Tag Archives: Midway High School

November Was Another Busy Month for County Government – Dec 2018

{Ron Woody, Roane County Executive}

The first week of the month had many County Commissioners at the Roane Alliance Gala. The Roane Alliance is the county’s economic development organization. This year’s Gala was once again well attended and supported by our local business and city governments. The Alliance was established in 2001 and has been led by four CEOs over the years. The Alliance is once again in search of a new leader as Wade Creswell has taken a position at Oak Ridge National Lab. Best wishes to Wade and thank you for your public service. The second week the commissioners honored a group of eight new Roane County Treasures. Roane County Treasures is a program started in 2007 that honors men and women who lived and contributed to the betterment of Roane County. A list of Treasures can be found on a plaque on the first floor of the Courthouse.

In the third week, County Commissioner Charlotte Bowers and Executive Ron Woody joined Oak Ridge Representatives at an intergovernmental meeting. They met with the Department of Energy (Oak Ridge Office and Washington DC Office), Tennessee Department of Environment and Conservation, and State Legislators to discuss the environmental clean up of the Oak Ridge Reservation and the challenges of cleaning the legacy DOE site.

The commission met the fourth week of November to approve a significant resolution that starts capital improvements for our county schools. For the first time in eight years, the county approved issuing debt. The debt may only be issued for large projects, and school building project qualifies as a large project wherein 7.1 Million in bonds were approved. We anticipate construction will start on the Oliver Springs Middle School conversion to a Middle and High School will begin in late Spring early Summer. This project is estimated over 5 million and another one million was approved for a new sewer plant to service the Midway elementary, middle and high schools. Part of the bond’s proceeds will be shared with the Oak Ridge School system for their county projects.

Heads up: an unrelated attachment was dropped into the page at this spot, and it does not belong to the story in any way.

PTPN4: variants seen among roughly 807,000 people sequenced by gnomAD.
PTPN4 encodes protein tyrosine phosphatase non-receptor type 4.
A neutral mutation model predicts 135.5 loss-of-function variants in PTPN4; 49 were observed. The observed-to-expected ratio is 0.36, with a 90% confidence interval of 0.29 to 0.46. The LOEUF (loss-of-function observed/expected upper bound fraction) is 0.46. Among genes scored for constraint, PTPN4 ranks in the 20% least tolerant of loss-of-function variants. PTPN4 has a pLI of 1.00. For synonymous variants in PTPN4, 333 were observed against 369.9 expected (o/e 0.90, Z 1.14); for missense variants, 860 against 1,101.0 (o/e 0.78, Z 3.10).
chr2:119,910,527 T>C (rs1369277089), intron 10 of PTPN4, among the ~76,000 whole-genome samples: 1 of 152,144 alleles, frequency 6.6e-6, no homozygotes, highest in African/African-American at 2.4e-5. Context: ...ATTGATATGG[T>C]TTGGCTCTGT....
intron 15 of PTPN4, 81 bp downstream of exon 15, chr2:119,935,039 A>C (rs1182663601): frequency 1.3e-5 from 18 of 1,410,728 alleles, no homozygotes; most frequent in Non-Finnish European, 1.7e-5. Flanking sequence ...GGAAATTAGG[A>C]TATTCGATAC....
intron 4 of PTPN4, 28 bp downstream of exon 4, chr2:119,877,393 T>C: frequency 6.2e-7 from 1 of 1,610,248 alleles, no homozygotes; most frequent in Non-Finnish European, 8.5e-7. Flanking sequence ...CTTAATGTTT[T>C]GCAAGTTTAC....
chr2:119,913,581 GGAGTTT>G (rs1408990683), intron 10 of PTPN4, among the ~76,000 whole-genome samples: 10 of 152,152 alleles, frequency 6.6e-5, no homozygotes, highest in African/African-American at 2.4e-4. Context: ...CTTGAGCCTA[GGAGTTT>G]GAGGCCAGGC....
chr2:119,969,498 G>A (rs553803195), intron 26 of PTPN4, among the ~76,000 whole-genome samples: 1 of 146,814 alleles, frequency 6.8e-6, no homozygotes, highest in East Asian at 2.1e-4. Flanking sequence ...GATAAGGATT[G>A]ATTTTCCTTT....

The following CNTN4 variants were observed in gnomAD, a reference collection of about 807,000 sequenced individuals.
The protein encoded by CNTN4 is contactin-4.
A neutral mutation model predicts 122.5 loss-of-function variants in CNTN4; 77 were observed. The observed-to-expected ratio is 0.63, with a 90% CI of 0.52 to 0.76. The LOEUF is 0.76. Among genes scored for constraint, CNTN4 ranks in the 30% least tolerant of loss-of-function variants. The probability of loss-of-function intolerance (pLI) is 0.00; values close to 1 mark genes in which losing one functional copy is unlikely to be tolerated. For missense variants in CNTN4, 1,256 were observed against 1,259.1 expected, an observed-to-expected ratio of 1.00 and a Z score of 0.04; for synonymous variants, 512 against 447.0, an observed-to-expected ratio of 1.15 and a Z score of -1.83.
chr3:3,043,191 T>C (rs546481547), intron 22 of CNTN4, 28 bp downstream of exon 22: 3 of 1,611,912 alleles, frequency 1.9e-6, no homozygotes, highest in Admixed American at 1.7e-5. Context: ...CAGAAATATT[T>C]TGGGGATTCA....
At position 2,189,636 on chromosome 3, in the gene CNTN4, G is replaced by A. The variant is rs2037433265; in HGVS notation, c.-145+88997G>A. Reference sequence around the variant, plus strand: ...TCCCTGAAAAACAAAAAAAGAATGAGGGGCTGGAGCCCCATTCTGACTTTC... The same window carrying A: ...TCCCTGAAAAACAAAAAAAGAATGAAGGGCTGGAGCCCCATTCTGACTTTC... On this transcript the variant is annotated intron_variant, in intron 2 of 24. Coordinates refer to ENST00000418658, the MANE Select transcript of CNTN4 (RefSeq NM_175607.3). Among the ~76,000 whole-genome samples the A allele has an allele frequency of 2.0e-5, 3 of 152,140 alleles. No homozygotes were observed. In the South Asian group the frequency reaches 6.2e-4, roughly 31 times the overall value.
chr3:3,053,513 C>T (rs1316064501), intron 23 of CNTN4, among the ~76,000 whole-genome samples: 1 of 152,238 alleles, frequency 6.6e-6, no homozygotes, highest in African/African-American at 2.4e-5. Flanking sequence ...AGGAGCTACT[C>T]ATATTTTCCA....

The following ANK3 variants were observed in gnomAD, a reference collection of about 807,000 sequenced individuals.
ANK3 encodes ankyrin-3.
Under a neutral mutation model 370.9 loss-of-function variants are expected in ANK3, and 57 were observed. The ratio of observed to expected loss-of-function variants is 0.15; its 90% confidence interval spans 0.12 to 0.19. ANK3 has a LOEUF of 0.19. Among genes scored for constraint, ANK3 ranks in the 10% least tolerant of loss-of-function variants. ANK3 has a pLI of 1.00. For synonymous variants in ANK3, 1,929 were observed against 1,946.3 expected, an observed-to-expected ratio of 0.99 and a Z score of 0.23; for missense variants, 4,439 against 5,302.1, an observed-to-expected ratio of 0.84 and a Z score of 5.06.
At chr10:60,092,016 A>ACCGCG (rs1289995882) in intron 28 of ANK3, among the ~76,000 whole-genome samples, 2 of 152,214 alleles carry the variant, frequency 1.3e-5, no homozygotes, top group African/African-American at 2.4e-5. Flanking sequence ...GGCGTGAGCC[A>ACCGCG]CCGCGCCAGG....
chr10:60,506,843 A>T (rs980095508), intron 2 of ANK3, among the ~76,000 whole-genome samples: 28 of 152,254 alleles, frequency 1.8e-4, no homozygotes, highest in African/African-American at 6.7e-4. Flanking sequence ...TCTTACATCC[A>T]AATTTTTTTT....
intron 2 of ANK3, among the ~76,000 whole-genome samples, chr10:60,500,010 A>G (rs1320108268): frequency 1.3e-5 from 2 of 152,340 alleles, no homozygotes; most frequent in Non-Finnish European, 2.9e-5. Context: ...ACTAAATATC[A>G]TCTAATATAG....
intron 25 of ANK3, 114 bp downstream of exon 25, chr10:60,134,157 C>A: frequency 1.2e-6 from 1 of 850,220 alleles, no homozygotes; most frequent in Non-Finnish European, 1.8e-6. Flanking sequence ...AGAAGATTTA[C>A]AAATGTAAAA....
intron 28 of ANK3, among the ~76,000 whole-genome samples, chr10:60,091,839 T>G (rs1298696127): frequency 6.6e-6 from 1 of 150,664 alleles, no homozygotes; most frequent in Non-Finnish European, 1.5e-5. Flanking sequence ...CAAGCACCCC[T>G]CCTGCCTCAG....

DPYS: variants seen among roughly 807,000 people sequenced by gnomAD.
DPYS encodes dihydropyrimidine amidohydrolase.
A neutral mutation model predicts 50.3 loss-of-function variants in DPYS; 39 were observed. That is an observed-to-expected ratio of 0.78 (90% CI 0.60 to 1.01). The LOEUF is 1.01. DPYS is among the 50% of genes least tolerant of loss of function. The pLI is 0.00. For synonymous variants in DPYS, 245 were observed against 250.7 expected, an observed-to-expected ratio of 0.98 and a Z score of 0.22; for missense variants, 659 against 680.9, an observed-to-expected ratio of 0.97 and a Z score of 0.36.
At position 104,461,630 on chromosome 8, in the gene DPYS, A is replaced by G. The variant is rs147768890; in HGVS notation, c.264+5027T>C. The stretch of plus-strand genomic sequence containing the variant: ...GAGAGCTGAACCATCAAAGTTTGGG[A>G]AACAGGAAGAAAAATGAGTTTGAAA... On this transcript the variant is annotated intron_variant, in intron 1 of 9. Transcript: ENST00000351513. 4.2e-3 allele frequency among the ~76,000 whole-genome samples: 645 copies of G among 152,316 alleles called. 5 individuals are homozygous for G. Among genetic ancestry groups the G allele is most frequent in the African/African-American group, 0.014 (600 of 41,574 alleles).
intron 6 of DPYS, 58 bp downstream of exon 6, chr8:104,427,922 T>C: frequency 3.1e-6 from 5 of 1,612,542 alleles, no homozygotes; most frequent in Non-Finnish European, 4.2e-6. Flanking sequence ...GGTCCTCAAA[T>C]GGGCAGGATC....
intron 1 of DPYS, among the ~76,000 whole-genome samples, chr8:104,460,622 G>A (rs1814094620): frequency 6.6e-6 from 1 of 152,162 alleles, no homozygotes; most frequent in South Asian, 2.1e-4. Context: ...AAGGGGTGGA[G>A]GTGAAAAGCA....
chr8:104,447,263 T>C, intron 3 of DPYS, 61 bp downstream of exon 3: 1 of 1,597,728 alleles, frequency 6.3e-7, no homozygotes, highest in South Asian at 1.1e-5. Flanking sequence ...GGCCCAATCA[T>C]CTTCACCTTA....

The County Commission further discussed possible legislation regarding the TVA ash spill at the County Commission meeting. More to come on these issues as a special meeting will be held on December 4th. The commissioner’s plates are full with the TVA Kingston ash spill issues, potential jail construction, and further capital education improvements. Stay tuned.

Shannon Hester – District 7 – Oct 2018

Shannon Hester, a son of Roane County, grew up working in his father’s heavy equipment business. At the age of 18, Hester graduated from Midway High School and enlisted in the Army; leaving Roane County to serve his country as a combat engineer in Indiana, in Germany, then in Fort Benning, Georgia as a drill instructor in the Infantry Training Center. Hester ended his 21-year career with the Army after returning from his deployment with the 3rd Brigade Combat Team, 3rd Infantry Division in Iraq. Returning to his home county, Hester, now 39, interviewed for a job for the first time in his life at Y12.

While Hester waited for his position to be finalized at Y12, Stanley Moore hired Hester to work once again with heavy equipment. Moore and Hester have maintained a friendship ever since. When a position opened up on the Roane County Commission, it was Commissioner Moore and other community members that encouraged Hester to run. Beginning his Y12 career in security, Hester, now fourteen years later, is Safeguards and Security Operations Center Manager. Together with Lisa Hester, his wife of 33 years, they raised three sons. His oldest son carries with him the family legacy of service to his nation in the Air Force along with his middle son who is a member of the Tennessee Tech ROTC. Hester’s experience prior to the commission has taught him that, “Individually a commissioner is nothing but collectively the commission can manage the county’s business.”

The Last One-Room School In Roane County

{Robert Bailey – Roane County Historian}

The last one-room school in Roane County was the Dry Fork Elementary School located in the Dry Fork Community, in the Southern part of Roane County. The school closed at the end of the 1968-1969 school year. The school opened in 1878, and the first teacher was James Clarksen who only taught for one year. Forty-seven teachers taught at the school during its ninety-one-year history. The last twenty-seven years were taught by Mrs. Fleda Guffee. Besides teaching, Mrs. Guffee also drove the school bus during her last year at Dry Fork. In an article in The Knoxville News-Sentinel, 13 Apr 1967, it was stated

Discipline is seldom a problem, and a boy or girl spanked at school usually gets another at home, ‘I just stop the school bus, walk up to a house and tell a pupil’s folks what he’s done,’ Mrs. Guffey (sic) said, ‘Before nightfall a boy whipped at school may have had his second dose!’” In this same article, Mrs. Guffee also stated “The advantage of a one-room school, is that small children learn how to get along with each other, how to cooperate, to give and to take. And our secret of any success we have here, I believe, is in-home visits. I make many of them.

The last year the school was in operation it had 26 students. When the school closed, the students were transferred to Paint Rock Elementary and Midway High School. Mrs. Guffee transferred to Fairview Elementary School and taught for another year. When the school closed, the property reverted back to the family of Robert Lee Viar, the owner of the property. According to a 1977 newspaper article, the building was being used as the residence of Edward and Velma Viar.

Originally written for the Roane County Newsletter to the Community, March 2013.